The Chicago Herald said: As a narrative of cowboy life, Andy Adams' book is clearly the real thing. It carries its own certificate of authentic first-hand experience on every page.
he cattle, three and four years of age, and two thousand four and five year old beeves, estimated as sufficient to fill a million-pound beef contract. For fear of losses on the trail, our foreman had accepted fifty extra head of each class, and our herd at starting would number thirty-one hundred head. They were coming up from ranches in the interior, and we expected to cross them the first favorable day after their arrival. A number of different rancheros had turned in cattle in making up the herd, and Flood reported them in good, strong condition.
Lovell and Flood were a good team of cowmen. The former, as a youth, had carried a musket in the ranks of the Union army, and at the end of that struggle, cast his fortune with Texas, where others had seen nothing but the desolation of war, Lovell saw opportunities of business, and had yearly forged ahead as a drover and beef contractor. He was well calculated to manage the cattle business, but was irritable and inclined to borrow trouble, therefore unquali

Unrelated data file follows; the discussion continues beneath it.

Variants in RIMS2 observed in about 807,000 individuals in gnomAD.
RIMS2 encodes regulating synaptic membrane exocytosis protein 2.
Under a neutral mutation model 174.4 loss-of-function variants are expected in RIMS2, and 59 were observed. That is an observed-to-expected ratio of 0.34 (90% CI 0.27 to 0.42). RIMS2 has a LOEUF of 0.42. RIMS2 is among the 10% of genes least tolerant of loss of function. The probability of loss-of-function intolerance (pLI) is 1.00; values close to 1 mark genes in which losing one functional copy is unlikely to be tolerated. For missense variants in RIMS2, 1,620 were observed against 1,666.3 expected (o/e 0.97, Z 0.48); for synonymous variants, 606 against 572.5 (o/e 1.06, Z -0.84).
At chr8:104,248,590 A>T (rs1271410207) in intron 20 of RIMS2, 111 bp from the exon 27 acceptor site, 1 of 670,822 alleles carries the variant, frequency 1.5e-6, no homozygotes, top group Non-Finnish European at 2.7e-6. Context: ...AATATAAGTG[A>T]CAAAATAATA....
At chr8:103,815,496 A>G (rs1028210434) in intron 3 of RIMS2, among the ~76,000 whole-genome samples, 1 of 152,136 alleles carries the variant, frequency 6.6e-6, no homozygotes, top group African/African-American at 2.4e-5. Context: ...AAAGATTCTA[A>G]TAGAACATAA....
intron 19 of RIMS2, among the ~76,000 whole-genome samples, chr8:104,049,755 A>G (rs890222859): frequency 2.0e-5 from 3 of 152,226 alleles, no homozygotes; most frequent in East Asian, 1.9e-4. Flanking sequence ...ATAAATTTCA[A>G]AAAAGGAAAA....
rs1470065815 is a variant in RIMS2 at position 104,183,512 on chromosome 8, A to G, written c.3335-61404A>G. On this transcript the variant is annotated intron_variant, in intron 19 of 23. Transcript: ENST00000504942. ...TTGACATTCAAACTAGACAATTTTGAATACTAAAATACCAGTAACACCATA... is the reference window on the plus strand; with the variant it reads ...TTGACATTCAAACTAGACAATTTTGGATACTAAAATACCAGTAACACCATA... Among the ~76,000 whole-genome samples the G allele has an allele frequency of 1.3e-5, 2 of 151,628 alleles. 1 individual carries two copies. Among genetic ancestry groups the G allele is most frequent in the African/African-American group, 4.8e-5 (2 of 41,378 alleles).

Excellent - would recommend it to any reader of Larry McMurtry's "Lonesome Dove", for which it was possibly a source. Same trek from Texas to Montana and same time period.
A very realistic book on the trials and tribulations of a cowboy on a major cattle drive for several months on the trail. Highly engrossing and entertaining. I wholeheartedly recommend this book.
Life on the trail with all ups and downs of crossing streams, lack of water, heat, stampedes, rogues, town events is in this book, with love to detail and the animals involved, and lots of small campfire narratives and good humor, even tears at the end. This, and not the occasional shooting and lawlessness is how it was. Don't miss it.
Whilst described as a fiction this book was clearly written about 2 decades after Andy Adams actually took part in real life cattle drives.
In this account, most possible coming as a make up of his own diaries, the characters describe their day to day experience on a 5 month - 3000+ cattle drive. Indeed the drive which begins in Texas and ends in Montana details all of the trials and tribulations of the cowboys who take part.
Readers should not however be put off by the title "The Log of a Cowboy" which appears to suggest a diary or documentary. In fact the book is a brilliant read as well as being an eye opener as to the real conditions of such long drives during the mid to late 19th century.